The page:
This belt may be the oldest. It represents the first United Nations agreement, the first time in history anywhere on the globe where independent nations were able to join together under a unified government that allowed individual customs and governments of member nations. Prior to this idea, throughout the world's history in all places and times, national growth was by conquest and forced subjection -- empire growth. This belt memorialized Haudaunosee, League of the Pine Tree (center) or Great Peace, of the 5 original Iroquois Nations, who became the 6 Nations after they received fleeing southern Tuscarora into the League.

The League was formed to create a lasting peace and a just method of settling disputes and for international diplomacy with non-member tribes some time before European contact, perhaps 1,000 years ago. At the time of the invaders' arrival, it had begun to grow very slowly. Despite the disruptions and death caused by the invasion, it still exists. The idea of peaceful federation influenced the formation of the federation that was the United States. The idea of a peaceful, cooperative over-govenment, uniting disparate but still sovereign (for local issues, customs, and government) nations and populations is the most important contribution of indigenous peoples of the western hemisphere to others of the world today, though today this idea is not well understood and is only poorly and weakly practiced in the current United Nations Organization. In the orally memorized documentation establishing the League, war weapons -- clubs, tomahawks -- were cast into a pit under the Great Tree's roots (giving rise to our contemporary expression "bury the hatchet"). The vigilant eagle at the top will watch for dangers to the League and the peace.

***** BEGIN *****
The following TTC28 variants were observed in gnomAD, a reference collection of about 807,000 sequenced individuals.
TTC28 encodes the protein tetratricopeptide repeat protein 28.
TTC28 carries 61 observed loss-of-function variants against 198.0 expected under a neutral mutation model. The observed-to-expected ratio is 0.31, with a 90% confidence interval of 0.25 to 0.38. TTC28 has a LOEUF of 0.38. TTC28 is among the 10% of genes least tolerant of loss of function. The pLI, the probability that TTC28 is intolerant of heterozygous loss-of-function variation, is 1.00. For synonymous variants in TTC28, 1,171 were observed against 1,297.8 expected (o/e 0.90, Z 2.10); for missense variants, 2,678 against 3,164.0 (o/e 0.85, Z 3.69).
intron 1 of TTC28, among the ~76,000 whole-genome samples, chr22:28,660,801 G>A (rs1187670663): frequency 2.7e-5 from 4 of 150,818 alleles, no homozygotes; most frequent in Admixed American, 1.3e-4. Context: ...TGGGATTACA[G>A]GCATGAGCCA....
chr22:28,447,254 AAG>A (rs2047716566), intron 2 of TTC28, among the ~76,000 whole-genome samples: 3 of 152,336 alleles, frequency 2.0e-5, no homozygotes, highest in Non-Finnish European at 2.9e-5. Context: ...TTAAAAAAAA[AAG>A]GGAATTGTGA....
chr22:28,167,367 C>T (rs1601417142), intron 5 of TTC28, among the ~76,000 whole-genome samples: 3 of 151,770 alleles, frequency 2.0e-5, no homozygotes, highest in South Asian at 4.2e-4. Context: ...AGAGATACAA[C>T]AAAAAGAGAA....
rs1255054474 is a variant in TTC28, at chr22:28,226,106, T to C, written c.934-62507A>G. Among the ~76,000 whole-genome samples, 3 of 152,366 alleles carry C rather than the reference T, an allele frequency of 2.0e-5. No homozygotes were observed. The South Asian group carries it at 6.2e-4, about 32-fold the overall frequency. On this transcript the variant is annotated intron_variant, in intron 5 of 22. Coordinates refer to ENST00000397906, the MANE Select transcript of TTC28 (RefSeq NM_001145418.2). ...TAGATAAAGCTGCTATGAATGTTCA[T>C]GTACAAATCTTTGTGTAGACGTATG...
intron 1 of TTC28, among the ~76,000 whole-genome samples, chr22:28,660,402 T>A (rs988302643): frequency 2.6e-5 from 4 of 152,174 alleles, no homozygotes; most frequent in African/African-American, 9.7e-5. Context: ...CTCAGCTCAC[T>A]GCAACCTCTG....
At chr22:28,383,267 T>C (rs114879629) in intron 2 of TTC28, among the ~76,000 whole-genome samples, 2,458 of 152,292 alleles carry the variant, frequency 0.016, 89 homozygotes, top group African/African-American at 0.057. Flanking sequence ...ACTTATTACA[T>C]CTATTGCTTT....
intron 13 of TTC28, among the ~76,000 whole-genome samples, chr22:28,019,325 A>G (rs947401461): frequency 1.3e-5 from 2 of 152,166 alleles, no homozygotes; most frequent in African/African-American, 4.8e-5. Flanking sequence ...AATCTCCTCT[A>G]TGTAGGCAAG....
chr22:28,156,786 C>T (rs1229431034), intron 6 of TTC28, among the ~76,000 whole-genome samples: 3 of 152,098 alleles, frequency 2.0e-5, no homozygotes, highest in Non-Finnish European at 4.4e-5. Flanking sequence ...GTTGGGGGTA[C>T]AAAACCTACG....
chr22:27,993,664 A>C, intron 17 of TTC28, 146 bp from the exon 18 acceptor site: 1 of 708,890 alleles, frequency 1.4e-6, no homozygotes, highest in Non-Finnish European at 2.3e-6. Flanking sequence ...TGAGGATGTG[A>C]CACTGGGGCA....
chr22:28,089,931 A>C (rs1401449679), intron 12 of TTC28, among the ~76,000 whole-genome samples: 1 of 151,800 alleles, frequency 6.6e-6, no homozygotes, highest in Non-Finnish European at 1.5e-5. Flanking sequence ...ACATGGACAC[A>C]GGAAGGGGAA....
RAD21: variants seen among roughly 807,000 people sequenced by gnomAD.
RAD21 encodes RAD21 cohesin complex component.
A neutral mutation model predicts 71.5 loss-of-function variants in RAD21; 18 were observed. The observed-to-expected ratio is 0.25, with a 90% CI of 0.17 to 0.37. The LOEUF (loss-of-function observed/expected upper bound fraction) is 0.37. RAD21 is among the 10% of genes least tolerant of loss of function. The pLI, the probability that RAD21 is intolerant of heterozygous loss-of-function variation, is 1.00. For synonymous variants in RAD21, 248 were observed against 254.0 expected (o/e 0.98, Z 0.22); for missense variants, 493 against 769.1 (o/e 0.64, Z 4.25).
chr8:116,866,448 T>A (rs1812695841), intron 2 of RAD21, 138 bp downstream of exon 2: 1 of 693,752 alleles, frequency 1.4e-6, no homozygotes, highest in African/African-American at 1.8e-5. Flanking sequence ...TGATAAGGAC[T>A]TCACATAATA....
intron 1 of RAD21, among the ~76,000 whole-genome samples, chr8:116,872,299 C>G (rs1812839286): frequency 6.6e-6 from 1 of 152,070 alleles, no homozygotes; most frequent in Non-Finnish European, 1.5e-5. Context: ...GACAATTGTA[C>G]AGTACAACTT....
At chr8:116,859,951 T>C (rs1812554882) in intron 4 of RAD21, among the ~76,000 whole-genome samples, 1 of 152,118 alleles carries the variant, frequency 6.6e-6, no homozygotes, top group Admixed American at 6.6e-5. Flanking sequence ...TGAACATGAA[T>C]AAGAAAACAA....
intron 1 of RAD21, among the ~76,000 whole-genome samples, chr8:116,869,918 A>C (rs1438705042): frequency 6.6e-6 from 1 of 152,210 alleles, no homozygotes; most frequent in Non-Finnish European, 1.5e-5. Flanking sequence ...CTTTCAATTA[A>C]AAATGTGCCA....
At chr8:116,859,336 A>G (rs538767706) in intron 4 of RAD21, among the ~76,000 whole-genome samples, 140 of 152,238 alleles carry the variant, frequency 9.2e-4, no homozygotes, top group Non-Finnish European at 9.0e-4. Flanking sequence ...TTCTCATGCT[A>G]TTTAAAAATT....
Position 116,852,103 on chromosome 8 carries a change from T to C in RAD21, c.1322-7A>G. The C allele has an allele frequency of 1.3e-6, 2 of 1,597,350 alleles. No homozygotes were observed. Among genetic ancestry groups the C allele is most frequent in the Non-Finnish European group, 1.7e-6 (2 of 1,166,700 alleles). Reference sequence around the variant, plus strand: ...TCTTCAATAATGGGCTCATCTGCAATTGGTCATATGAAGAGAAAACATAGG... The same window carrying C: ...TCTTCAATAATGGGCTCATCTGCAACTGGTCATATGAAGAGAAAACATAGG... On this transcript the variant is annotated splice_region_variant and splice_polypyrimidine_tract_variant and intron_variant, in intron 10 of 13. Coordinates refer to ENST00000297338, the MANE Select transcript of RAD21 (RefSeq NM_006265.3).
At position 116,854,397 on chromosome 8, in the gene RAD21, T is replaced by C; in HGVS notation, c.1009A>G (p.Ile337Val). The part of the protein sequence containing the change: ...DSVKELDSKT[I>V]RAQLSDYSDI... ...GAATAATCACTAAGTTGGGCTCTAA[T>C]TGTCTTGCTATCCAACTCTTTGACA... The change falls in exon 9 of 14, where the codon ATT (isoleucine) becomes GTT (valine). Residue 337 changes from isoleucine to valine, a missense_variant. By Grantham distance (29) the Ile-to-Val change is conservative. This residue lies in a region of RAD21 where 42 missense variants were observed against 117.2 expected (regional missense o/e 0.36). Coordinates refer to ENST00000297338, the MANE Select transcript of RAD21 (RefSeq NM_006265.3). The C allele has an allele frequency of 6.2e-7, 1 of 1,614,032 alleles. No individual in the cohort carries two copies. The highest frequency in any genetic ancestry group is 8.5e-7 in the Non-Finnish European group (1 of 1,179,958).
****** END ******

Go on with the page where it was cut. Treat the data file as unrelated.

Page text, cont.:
The original League was the 5 first Iroquoian Nations. Onandaga were (are) Firekeepers and wampum-keepers and are represented as in the center, "Under the Pine Tree" where meetings were held, at their town. Mohawks (Kanienkehake, People of the Flint) are represented as the Eastern Door; Seneca as the Western Door. Oneida and Cayuga are the two central squares. The Constitution of the Iroquois Nations -- archived in World History archives -- is a detailed recording which was memorized, recited regularly, and recorded on wampum belts. There are several different translations or interpretations of this constitution. A small book of one which was worked out with elders of the 6 Nations (Tusacarora refugees joined the League at the end of the 18th century) was published in English by Akwesasne Notes in 1972.